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Nune Vino Pellite Curas

February 5, 2014

Last year this was happening. This year, it’s happening again, with a few delightful additions. I suspect the only way to avoid it entirely is either to take leave of the world (which I’d rather not) or else abolish February. And since last year I posted a cure for “rewmes” from Buckminster’s Almanack, this year I’ll give you the cure for a cough from the Trotula, which by Anne Boleyn’s time had been in circulation for several centuries and languages. The prescription for a cough was one of the shortest and least complicated recipes in the book. Most of the cures for the varying ailments seem to involve combinations of at least ten different oils of the sort you never see around anymore (who made oil of scorpions, anyway? Was it really possible to verify that it contained at least some genuine scorpion particles?). Not this one. It runs:

Take hyssop and pellitory of Spain, cook them in wine, and we give it to drink. Or we mix grains of juniper with wine and we give it.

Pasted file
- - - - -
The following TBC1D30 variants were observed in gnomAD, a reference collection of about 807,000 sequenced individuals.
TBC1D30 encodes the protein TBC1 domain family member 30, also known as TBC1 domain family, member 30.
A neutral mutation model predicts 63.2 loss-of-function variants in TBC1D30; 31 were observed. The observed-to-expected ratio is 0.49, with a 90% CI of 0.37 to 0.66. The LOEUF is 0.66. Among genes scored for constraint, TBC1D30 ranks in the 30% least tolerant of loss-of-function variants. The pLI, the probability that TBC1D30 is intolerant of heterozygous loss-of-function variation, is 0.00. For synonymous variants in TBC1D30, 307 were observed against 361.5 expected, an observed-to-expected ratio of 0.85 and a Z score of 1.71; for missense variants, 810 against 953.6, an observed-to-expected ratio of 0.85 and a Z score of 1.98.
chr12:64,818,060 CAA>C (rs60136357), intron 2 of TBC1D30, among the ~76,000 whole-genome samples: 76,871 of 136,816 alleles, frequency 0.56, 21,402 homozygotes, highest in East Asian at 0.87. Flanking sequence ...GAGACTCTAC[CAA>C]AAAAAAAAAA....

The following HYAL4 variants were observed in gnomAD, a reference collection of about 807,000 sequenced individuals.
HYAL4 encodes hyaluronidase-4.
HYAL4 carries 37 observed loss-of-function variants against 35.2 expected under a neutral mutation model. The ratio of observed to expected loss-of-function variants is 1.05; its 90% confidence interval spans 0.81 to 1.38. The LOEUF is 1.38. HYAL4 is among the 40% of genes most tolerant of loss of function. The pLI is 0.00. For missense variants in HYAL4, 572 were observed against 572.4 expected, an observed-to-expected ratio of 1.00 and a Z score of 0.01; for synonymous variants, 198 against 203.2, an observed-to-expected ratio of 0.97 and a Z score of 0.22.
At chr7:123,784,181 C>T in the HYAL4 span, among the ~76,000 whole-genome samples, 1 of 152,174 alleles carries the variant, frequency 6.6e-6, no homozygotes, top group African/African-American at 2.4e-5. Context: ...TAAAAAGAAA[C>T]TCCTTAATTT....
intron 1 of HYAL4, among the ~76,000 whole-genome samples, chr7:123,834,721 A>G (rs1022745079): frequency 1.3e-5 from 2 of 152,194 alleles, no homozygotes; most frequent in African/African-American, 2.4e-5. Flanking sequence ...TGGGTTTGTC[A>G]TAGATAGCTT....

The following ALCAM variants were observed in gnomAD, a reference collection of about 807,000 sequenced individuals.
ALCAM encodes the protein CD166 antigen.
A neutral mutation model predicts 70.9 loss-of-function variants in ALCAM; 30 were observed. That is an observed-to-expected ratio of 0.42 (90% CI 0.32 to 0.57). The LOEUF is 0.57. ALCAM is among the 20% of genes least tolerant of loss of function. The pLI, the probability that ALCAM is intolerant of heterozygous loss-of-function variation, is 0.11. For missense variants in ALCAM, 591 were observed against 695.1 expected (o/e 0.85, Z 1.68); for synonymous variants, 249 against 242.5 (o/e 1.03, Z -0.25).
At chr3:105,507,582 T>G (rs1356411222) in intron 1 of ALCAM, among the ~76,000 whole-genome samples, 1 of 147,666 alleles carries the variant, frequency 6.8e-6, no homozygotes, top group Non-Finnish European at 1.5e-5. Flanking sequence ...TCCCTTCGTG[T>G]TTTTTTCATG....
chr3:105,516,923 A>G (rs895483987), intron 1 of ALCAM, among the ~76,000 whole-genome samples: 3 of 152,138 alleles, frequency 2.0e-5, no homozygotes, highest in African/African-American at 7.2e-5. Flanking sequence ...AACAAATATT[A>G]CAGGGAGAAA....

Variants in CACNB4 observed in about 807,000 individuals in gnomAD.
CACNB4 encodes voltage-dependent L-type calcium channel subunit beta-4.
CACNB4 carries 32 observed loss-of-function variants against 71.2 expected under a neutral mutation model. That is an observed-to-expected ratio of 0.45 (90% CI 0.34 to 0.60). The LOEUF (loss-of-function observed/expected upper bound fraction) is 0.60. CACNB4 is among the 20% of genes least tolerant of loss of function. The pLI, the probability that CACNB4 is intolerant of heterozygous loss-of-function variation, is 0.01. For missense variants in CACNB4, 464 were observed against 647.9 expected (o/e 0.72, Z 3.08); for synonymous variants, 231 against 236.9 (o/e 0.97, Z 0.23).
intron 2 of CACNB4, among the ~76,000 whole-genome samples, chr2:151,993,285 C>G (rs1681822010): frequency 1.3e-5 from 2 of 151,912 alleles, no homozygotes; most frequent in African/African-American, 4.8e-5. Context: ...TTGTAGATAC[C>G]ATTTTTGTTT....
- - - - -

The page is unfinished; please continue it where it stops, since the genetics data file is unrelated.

(Source: The Trotula, edited and translated by Monica Green, University of Pennsylvania Press, 2001 — p. 149)

So there you have it — note that the common recommendation from both the sixteenth-century English writer and the twelfth-century Italian is wine. While I hope you’re all feeling better than I am, if you’re not, take comfort in the fact that doctors across several nations and centuries agree that wine is the solution to most common ailments.

From → Miscellaneous

  1. Annalucia permalink

    In Trotula’s day, wine was pretty much the only thing that was *safe* to drink, wasn’t it? You sure wouldn’t want to drink the water, and the Portuguese hadn’t yet brought us tea from the East.

    Hope you’re feeling better soon; in the meantime, tea with lemon, and lots of honey.

    • sonetka permalink

      Thanks! I do have wine, but not so much that I could drink some and still have enough for the stew tomorrow. Tea it will have to be.

  2. Oh, ick. I hope you feel better soon–’tis the season for coughs and colds, eh? But yes, hot tea and lots of water too. Keeping hydrated never hurt.

    As for oil of scorpions, I’m glad that’s not in vogue anymore. Otherwise we’d be getting the inevitable debate between farm-raised and organic, free-range natural scorpion.

    • sonetka permalink

      Worse yet, there’d be an actual profession of “scorpion farmer.” All the government subsidies in the world couldn’t make that one right.

      I’m still completely exhausted and can just about put two sentences together, at a maximum. I’m glad it’s not the flu, at least.

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